Using a developmental ecological approach to prevention, we have to start by addressing what has been identified as risk factors or causes of violence at the different levels. However, for prevention strategies to make a difference we have to introduce multipronged approaches that are supported and funded by government. It is critical that we invest in what has shown to be promising approaches. A gap in knowledge exists on interventions that have proven to make a difference in our setting. Interventions should be evaluated for their efficacy and cost effectiveness before being rolled out. The Children’s Act of 2005 provides a framework for early intervention and prevention interventions with respect to child protection, yet there has been no investment in generating evidence on what interventions have an impact in practice.

We have to start looking at innovative approaches to prevention by exploring what is working in similar settings in order to start to shift the pattern of violence. Evidence from other settings has shown that parenting interventions are making a difference; this has to be evaluated and taken to scale in South Africa.13 We also have to draw on other disciplines such as mental health - for example, a trial on mother and child attachment with depressed mothers has shown promising outcomes. For us to shift the pattern of violence we have to work across disciplines and look at similar settings to create innovative partnerships and make the vision of a society free of violence a reality.

References:

1. Krug EG, Dahlberg LL, Mercy JA, Zwi AB, Lozano R, eds. (2002). World Report on Violence and Health. Geneva: World Health Organization.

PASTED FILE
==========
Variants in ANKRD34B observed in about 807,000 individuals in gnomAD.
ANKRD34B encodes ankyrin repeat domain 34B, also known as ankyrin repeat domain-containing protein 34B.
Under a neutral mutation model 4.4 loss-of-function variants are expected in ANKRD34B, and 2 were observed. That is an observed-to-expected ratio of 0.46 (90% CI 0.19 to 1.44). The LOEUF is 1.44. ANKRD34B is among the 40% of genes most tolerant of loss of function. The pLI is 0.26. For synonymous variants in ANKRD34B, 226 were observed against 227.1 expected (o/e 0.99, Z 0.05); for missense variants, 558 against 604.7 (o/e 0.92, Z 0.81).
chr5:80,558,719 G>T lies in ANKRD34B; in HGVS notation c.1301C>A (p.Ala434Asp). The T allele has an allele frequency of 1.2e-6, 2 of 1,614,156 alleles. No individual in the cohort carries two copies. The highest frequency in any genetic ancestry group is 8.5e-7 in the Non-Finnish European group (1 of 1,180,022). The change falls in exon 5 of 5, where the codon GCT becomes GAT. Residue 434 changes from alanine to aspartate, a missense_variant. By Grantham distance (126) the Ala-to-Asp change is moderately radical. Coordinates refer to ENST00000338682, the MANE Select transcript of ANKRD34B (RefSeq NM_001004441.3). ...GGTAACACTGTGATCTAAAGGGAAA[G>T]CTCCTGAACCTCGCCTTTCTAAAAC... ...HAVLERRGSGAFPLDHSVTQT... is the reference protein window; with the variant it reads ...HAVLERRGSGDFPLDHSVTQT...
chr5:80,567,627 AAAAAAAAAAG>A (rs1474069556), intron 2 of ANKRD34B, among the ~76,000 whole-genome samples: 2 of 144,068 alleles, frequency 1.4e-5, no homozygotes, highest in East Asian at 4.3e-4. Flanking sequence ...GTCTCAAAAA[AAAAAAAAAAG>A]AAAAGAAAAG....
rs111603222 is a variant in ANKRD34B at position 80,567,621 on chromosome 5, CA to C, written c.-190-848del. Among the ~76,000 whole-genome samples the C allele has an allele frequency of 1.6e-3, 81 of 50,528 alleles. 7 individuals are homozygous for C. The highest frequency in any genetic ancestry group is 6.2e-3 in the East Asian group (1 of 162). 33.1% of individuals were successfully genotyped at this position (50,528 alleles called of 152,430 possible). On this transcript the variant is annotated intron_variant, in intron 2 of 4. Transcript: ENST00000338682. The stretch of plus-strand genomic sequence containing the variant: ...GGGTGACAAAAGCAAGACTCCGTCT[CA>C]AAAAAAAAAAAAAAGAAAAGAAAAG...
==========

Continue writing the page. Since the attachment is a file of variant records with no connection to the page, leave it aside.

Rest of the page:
2. Mathews S, Abrahams N, Jewkes R, Martin L J., Lombard C. ‘The Epidemiology of Child Homicides in South Africa’, WHO Bulletin, in press.

3. Jewkes R, Dunkle K, Nduna M, Jama N, Puren A. (2010). ‘Associations between Childhood Adversity and Depression: Substance abuse and HIV and HSV2 incident infections in rural South African youth’. Child Abuse & Neglect. 2010;34(11):833-841.

4. Gawryszewski V, Costa L. (2005). ‘Social Inequality and Homicide Rates in Sao Paulo City’, Brazil, Rev. Saude Publica.

5. Jewkes, R. (2012). Rape Perpetration: A review. Pretoria, Sexual Violence Research Initiative.

6. Mathews S, Jewkes R, Abrahams N. (2011). "I had a hard life": Exploring childhood adversity in the shaping of masculinities among men who killed an intimate partner in South Africa. British Journal of Criminology. 2011. 51(4).

7. Vetten L, Jewkes R, Sigsworth R, Christofides N, Loots L, Dunseith O. (2008). Tracking Justice: The attrition of rape cases through the criminal justice system in Gauteng. Johannesburg. Tswaranang Legal Advocacy Centre.

8. Dunkle, K., Jewkes, R., Brown, H. C., Yoshihama, M., Gray, G. E., McIntrye, J. A., Harlow, S. D. (2004). ‘Prevalence and Patterns of Gender- based violence and Revictimization among Women Attending Antenatal Clinics in Soweto, South Africa’, American Journal of Epidemiology, 2004. 160 (3), 230-239.

9. Meintjes H, and Hall K. (2012). ‘Demography of South Africa’s Children, Children’s Count’, in: Hall K, Woolard I, Lake l & Smith C (eds) South African Child Gauge 2012. Cape Town: Children’s Institute, UCT.

10. Morrell, R. and Richter, L. (2006). ‘Introduction’, in L. Richter & R. Morrell, eds., Baba: Fathers and Fatherhood in South Africa, HSRC Press, Cape Town.

11. Nduna M and Jewkes R. (2012). ‘Disempowerment and Psychological Distress in the Lives of Young People in Eastern Cape, South Africa’. Journal of Child and Family Studies. 2012. 21: 1018-1027.

12. South African Police Services. (2012). Police Crime Statistics. Pretoria.

13. Knerr W, Gardner F, Cluver L. (2011). Parenting and the Prevention of Child Maltreatment in Low- and Middle-Income Countries: A systematic review of interventions and a discussion of prevention of the risks of future violent behaviour among boys. Pretoria: Sexual Violence Research Initiative.